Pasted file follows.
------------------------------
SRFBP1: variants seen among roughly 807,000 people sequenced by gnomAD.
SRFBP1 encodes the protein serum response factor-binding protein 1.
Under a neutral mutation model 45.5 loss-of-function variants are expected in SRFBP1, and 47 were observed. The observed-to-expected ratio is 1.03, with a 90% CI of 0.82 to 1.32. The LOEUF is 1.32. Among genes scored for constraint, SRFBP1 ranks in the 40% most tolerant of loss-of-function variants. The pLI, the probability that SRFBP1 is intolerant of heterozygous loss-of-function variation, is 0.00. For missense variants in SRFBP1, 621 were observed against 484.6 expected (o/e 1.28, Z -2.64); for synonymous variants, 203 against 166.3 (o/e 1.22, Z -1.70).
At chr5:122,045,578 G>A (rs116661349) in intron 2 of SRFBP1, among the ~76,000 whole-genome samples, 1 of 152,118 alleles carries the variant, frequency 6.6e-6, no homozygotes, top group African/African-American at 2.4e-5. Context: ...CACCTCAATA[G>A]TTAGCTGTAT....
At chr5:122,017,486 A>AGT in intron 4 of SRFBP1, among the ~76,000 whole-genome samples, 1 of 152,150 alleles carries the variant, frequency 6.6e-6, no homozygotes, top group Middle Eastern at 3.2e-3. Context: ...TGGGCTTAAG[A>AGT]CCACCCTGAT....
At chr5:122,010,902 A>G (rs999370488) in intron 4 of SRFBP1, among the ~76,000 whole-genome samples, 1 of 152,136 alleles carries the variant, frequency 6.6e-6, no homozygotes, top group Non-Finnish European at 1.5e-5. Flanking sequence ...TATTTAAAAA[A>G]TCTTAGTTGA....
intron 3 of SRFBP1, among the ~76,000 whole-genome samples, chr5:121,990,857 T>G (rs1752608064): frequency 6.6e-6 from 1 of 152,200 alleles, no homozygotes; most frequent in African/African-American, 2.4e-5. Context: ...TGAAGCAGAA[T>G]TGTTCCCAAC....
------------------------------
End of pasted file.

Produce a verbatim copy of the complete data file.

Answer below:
SRFBP1: variants seen among roughly 807,000 people sequenced by gnomAD.
SRFBP1 encodes the protein serum response factor-binding protein 1.
Under a neutral mutation model 45.5 loss-of-function variants are expected in SRFBP1, and 47 were observed. The observed-to-expected ratio is 1.03, with a 90% CI of 0.82 to 1.32. The LOEUF is 1.32. Among genes scored for constraint, SRFBP1 ranks in the 40% most tolerant of loss-of-function variants. The pLI, the probability that SRFBP1 is intolerant of heterozygous loss-of-function variation, is 0.00. For missense variants in SRFBP1, 621 were observed against 484.6 expected (o/e 1.28, Z -2.64); for synonymous variants, 203 against 166.3 (o/e 1.22, Z -1.70).
At chr5:122,045,578 G>A (rs116661349) in intron 2 of SRFBP1, among the ~76,000 whole-genome samples, 1 of 152,118 alleles carries the variant, frequency 6.6e-6, no homozygotes, top group African/African-American at 2.4e-5. Context: ...CACCTCAATA[G>A]TTAGCTGTAT....
At chr5:122,017,486 A>AGT in intron 4 of SRFBP1, among the ~76,000 whole-genome samples, 1 of 152,150 alleles carries the variant, frequency 6.6e-6, no homozygotes, top group Middle Eastern at 3.2e-3. Context: ...TGGGCTTAAG[A>AGT]CCACCCTGAT....
At chr5:122,010,902 A>G (rs999370488) in intron 4 of SRFBP1, among the ~76,000 whole-genome samples, 1 of 152,136 alleles carries the variant, frequency 6.6e-6, no homozygotes, top group Non-Finnish European at 1.5e-5. Flanking sequence ...TATTTAAAAA[A>G]TCTTAGTTGA....
intron 3 of SRFBP1, among the ~76,000 whole-genome samples, chr5:121,990,857 T>G (rs1752608064): frequency 6.6e-6 from 1 of 152,200 alleles, no homozygotes; most frequent in African/African-American, 2.4e-5. Context: ...TGAAGCAGAA[T>G]TGTTCCCAAC....